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Our Philosophy

Adults in the United States are facing the challenges of life in a rapidly changing technological age. Successfully addressing these challenges requires adults to employ educational processes that are the basic tools of human growth and development. Adult prisoners as a group lack basic educational tools needed to successfully adapt to the economic, sociological and cultural dimensions of society. Confined people need to develop the academic skills to process knowledge and information. They need skills that allow them to contribute to a productive society. They need social skills that give them self-confidence and the ability to interact successfully with peers.

 

 

 

Success Stories

Success Story IconNEW - I began to believe -
"I was a straight-F student, and I didn’t think I could learn anything. I had a teacher who wouldn’t give up".

Success Story IconPolunsky Unit Success Story -
"He [Mr. Leblanc] taught me things that even the guys rebuilding transmissions for many years didn't know."

Success Story IconInspiration Success Story -
"You are inspiring people you haven’t even met!"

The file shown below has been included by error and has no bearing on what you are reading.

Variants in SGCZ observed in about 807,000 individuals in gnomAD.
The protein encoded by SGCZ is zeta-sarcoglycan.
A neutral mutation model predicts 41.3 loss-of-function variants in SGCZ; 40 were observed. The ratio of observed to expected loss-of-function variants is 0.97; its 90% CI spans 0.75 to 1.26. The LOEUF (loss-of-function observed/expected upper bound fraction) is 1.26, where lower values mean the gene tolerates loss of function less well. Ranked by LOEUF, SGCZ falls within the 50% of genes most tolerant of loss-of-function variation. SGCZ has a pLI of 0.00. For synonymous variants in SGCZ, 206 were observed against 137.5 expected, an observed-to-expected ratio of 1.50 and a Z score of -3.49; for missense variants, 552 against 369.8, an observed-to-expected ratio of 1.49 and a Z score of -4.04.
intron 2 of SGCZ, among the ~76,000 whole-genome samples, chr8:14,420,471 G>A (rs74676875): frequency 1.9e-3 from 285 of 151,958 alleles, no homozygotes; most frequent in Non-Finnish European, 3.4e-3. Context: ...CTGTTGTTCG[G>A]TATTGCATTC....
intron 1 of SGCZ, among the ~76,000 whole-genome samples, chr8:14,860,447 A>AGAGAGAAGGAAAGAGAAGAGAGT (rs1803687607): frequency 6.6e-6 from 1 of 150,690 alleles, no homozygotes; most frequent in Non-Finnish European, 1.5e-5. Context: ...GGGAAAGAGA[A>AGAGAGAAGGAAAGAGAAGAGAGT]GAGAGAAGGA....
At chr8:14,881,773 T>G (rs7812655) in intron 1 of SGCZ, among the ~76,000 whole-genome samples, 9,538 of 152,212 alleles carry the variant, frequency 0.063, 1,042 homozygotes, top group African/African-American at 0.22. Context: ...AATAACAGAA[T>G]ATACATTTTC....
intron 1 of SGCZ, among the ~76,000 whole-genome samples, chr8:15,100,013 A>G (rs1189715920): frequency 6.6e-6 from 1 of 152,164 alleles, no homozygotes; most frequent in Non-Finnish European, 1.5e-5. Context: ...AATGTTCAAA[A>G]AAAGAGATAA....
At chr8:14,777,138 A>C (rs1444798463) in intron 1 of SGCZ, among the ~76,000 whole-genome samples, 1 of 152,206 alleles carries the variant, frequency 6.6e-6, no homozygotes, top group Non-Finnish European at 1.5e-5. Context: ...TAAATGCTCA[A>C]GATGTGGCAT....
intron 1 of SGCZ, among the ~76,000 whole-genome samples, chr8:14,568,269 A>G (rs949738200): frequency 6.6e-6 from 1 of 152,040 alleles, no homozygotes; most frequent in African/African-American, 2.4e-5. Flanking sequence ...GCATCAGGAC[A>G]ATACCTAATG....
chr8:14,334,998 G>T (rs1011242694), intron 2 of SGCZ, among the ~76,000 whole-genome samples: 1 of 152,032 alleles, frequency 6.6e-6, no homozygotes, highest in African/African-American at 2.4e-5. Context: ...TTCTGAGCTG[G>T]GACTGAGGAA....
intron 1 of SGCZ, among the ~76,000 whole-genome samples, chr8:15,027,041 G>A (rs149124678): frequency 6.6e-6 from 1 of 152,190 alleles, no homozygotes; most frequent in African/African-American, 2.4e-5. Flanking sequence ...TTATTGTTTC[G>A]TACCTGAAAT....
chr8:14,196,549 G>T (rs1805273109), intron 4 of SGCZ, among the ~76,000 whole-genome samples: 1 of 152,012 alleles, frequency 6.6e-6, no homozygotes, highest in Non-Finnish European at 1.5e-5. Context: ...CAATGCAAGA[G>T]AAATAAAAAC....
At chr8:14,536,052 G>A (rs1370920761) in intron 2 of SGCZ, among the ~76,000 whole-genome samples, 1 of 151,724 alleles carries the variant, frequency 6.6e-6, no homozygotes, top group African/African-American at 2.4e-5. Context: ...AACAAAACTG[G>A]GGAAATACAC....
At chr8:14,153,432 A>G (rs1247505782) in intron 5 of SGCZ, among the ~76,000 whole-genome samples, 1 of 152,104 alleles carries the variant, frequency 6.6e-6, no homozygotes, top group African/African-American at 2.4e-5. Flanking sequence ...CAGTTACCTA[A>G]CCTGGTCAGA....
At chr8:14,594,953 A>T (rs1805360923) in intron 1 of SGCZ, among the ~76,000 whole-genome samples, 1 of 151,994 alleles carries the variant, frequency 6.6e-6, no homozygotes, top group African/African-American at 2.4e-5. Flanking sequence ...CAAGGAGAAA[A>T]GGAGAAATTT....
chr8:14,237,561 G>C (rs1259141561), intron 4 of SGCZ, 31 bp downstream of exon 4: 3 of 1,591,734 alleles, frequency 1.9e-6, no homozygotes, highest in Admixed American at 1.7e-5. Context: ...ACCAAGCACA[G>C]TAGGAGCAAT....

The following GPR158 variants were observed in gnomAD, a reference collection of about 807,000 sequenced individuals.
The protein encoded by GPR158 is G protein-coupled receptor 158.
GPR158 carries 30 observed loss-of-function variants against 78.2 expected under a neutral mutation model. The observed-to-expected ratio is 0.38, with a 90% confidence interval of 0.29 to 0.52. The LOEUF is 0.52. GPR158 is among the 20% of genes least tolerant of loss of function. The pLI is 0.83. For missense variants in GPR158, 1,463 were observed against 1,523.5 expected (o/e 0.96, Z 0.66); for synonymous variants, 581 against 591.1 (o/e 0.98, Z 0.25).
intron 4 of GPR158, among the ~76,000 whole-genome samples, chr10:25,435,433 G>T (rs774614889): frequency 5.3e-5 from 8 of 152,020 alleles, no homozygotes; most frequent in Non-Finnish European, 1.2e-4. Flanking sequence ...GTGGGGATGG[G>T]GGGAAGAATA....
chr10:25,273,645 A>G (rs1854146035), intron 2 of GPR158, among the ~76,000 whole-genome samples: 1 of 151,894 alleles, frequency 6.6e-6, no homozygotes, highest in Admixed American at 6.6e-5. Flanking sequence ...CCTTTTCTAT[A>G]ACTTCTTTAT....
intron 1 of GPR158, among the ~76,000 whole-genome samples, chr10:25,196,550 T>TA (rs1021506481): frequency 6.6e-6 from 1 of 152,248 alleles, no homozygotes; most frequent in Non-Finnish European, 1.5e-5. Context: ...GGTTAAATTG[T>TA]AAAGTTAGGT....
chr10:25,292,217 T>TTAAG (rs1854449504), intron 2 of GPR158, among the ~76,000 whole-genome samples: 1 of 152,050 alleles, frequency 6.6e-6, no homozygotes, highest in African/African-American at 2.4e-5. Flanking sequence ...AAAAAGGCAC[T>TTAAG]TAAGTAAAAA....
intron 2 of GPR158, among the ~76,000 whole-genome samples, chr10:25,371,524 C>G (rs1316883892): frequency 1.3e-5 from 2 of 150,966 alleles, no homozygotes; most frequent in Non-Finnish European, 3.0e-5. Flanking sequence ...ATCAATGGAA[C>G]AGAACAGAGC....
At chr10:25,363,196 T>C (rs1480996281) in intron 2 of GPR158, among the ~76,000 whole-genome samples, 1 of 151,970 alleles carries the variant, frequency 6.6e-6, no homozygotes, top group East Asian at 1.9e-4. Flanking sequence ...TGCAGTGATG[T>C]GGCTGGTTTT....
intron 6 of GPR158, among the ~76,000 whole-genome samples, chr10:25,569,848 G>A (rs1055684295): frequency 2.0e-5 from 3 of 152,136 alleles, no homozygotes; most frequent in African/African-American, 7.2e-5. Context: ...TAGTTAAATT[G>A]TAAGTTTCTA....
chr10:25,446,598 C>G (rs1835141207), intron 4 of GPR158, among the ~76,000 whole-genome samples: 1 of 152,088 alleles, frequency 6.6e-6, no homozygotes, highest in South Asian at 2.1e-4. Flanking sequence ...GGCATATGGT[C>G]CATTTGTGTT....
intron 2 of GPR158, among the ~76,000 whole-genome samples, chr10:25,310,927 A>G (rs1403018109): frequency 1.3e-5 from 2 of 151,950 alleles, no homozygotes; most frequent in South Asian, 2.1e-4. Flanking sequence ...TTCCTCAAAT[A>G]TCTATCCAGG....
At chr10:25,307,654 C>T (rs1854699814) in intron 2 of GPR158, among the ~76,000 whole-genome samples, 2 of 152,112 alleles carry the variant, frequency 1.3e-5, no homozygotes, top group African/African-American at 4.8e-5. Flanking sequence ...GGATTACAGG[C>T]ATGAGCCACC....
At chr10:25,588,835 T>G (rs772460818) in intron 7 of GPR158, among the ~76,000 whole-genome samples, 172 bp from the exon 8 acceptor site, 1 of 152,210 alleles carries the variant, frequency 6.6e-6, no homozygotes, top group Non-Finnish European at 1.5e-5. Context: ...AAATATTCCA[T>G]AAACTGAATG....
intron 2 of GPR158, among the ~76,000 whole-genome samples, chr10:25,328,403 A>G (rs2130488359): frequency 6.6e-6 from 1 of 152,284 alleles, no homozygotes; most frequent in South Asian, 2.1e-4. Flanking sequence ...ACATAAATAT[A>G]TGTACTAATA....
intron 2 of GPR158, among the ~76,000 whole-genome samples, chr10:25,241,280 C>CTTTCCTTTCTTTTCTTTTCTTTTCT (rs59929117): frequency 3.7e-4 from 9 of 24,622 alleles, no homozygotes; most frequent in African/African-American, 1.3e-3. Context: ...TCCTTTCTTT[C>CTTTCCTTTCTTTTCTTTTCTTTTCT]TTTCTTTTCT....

Success Story IconNEW - I can now make a living. I’m free - "The welding program helped me build character. Mr. Perry taught me how to talk like a welder..."

Calendar

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Teach for WSD

WSD in Images

Students at the Huntsville “Walls” Unit strengthen writing skills during a literacy class.
An offender at the Polunsky Unit prepares for graduation after earning his GED through the Windham School District.
WSD’s Business and Image Management & Multimedia (BIMM) class offers students the opportunity to learn viable graphic arts and computer skills, helping them prepare for jobs after release.
Offenders often experience academic success for the first time in a Windham classroom.
Texas State Board of Education Chair Barbara Cargill congratulates GED recipients during Spring, 2014, ceremonies. “I am very impressed with the program and with the commitment of the staff and teachers,” she said.
Auto specialization students in a West Texas prison learn auto maintenance skills, preparing themselves for future employment as professional mechanics.

Former Student Survey